Warmest congratulations to our research team member Christopher Cheng who has been awarded a doctoral degree from Western Sydney University.
Dr Cheng with his supervisors Prof Ien Ang (left) and Prof Denis Byrne (right)
The title of his doctoral thesis is 'Australian Migrant Heritage in South China: The Legacy of Diaspora-Funded Schools in Twentieth Century Zhongshan'
This interdisciplinary study addresses a problem of intellectual concern at the intersection of the scholarly fields of heritage studies and migration history: How to recognise and manage the heritage of a shared past beyond the boundaries of the nation-state? Existing research and conservation practice on sites of migrant heritage in Australia conventionally considers events and places related to the immigrant experience after they arrive in Australia, but not their continuing links to migrant places of origin overseas. An exception to this is the China–Australia Heritage Corridor project—an Australian Research Council-funded Discovery Project initiated by researchers at the Institute for Culture and Society at Western Sydney University to document the diasporic dimension of Chinese migrant heritage to Australia in the nineteenth and twentieth centuries. Under the umbrella of the China–Australia Heritage Corridor project, this doctoral thesis specifically explores the social and architectural dimension of the Chinese diaspora’s educational philanthropy in the period from the early twentieth century until the present. It helps reveal how Chinese migration to Australia ultimately resulted in the socio-material transformation of the native home of migrants in the Pearl River Delta of China’s Guangdong Province, specifically in relation to the construction and operation of modern schools there. This thesis presents a dual—qiaoxiang and diaspora—perspective that disrupts the conventional understanding of migrant heritage as defined by the nation-state. The study is the first of its kind to examine how the Chinese diaspora relates to the material heritage of the diaspora-funded school setting in China. Diaspora-funded schools were unique socio-material assemblages that first emerged in southern China in the early twentieth century. This thesis reveals how the modern school shaped a new way of life and future for the qiaoxiang. The socio-material legacies of the diaspora-funded school buildings are a testimony to the generosity of the donors, but the schools may also become a burden for donors and their descendants, requiring maintenance and continuous improvement. Since the 1980s, Chinese migrants in Australia (and their descendants) continued the tradition of erecting new schools and renovating old ones as a way to contribute to the qiaoxiang’s future. But this second wave of construction only lasted until the turn of the twentieth-first century, after which China no longer depended on the diaspora as a funding source for schools. The thesis concludes that Chinese-Australian migrant heritage in China remains relevant to both China and Australia. It testifies to the history of their mutual entanglement and place-based attachment, as well as improving intergenerational relationships. It also has potential to strengthen the transnational ties established by the history of diaspora philanthropy.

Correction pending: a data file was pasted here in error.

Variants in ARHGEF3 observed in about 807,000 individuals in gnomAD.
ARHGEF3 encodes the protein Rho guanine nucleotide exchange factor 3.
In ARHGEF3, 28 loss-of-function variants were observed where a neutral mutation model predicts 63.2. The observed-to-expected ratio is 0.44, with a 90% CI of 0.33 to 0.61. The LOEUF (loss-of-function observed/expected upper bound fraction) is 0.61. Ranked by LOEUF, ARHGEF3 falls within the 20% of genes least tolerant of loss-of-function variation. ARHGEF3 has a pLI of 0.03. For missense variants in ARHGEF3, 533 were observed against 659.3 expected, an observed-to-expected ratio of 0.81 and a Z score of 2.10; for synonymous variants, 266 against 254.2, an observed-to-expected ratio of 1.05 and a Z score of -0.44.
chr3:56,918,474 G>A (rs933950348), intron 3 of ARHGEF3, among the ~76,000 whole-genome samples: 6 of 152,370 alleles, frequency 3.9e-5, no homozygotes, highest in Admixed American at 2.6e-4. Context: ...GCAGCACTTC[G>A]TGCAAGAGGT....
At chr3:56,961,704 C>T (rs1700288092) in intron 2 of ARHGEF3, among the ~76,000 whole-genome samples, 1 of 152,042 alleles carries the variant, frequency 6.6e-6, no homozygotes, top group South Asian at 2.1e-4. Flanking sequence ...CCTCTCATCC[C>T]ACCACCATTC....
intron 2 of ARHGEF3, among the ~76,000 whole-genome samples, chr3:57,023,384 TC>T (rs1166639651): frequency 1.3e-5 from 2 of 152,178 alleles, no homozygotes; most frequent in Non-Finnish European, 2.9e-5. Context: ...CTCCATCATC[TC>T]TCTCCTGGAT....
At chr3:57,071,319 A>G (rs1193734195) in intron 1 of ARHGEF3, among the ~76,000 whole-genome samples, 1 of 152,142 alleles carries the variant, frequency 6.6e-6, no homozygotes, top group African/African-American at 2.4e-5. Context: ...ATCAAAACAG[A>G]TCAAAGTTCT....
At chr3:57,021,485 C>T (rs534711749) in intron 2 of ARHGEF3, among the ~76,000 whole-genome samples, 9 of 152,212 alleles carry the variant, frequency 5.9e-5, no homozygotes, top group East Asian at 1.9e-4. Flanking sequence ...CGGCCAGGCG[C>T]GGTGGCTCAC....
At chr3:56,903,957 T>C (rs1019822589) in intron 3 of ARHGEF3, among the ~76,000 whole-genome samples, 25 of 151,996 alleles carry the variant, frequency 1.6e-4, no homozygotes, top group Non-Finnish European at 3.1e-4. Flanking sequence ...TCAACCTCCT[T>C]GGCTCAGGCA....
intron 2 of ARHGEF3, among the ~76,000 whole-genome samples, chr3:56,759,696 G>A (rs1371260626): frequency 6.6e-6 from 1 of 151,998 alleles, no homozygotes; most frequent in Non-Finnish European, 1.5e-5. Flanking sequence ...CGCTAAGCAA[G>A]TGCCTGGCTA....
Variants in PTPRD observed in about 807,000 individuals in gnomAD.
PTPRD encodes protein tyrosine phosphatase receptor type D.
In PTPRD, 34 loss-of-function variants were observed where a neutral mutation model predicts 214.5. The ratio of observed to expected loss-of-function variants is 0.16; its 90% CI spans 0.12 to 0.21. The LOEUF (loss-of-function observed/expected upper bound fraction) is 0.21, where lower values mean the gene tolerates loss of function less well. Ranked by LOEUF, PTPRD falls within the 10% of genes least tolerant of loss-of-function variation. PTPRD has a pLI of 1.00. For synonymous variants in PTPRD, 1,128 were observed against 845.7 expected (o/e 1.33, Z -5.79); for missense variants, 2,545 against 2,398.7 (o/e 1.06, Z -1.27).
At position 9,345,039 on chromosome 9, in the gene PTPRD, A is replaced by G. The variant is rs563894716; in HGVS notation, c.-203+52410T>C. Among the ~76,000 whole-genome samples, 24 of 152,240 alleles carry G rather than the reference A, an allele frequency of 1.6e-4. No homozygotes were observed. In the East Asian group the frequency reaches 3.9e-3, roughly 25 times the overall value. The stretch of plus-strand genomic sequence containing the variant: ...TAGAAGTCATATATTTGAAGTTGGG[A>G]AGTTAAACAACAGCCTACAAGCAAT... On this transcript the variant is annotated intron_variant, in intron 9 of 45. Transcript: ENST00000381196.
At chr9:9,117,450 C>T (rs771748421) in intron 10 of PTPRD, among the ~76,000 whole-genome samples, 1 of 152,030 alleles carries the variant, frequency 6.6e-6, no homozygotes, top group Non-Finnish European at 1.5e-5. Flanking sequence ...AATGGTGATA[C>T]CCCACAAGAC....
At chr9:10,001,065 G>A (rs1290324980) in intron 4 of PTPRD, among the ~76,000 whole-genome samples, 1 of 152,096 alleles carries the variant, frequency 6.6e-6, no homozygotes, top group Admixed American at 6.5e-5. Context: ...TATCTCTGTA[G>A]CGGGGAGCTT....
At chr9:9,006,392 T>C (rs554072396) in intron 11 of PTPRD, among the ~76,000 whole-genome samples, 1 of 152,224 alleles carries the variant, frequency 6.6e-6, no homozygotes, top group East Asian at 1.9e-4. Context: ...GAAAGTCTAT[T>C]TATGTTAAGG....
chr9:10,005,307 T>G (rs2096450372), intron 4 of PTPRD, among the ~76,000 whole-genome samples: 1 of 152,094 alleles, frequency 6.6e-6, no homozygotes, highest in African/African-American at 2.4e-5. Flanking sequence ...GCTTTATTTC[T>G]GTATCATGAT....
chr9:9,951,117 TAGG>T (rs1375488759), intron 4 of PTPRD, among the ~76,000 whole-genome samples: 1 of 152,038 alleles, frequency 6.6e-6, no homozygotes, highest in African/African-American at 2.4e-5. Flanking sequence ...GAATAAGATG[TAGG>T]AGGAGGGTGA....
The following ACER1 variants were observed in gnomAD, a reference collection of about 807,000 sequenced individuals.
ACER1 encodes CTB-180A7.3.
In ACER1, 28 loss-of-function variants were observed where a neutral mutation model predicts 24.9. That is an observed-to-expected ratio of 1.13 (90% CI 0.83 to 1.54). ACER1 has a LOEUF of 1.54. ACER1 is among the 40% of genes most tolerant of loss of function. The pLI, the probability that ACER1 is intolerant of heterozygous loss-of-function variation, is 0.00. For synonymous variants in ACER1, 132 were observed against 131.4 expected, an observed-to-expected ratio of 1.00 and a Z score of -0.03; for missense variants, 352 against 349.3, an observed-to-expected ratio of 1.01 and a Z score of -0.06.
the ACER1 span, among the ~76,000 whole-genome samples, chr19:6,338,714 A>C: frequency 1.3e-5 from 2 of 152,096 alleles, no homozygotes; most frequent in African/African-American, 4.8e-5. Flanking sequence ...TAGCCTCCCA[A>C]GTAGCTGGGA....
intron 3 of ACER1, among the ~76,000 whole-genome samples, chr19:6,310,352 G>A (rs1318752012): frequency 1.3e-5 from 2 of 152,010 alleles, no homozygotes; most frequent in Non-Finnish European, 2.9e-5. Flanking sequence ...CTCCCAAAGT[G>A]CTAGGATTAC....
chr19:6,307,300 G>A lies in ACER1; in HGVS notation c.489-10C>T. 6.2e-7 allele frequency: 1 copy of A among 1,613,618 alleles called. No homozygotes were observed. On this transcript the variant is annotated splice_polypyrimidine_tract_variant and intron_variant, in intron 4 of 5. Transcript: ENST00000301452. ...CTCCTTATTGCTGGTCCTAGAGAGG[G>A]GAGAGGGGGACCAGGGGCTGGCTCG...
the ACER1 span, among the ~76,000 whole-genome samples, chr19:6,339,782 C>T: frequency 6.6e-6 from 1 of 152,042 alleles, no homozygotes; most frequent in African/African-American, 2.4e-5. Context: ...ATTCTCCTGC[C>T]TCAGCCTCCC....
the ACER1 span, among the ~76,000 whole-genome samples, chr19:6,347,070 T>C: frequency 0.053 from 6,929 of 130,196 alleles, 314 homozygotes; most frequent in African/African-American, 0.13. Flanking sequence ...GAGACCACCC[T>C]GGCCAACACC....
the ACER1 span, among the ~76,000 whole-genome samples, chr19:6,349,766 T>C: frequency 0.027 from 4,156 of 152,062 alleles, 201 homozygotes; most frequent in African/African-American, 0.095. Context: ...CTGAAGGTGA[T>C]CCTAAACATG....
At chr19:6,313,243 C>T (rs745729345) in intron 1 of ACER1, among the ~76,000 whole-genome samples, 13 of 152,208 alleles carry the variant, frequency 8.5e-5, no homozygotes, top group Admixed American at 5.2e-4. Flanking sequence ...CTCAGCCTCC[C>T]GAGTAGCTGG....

A copy of Dr Cheng's PhD thesis is available online from Western Sydney University's library website:
We wish Christopher success, happiness, and all the best for his future endeavours!
For more information about Christopher's bio and his research in Zhongshan, please see this article (in Chinese) published in Zhongshan qiaokan (Zhongshan overseas Chinese newsletter)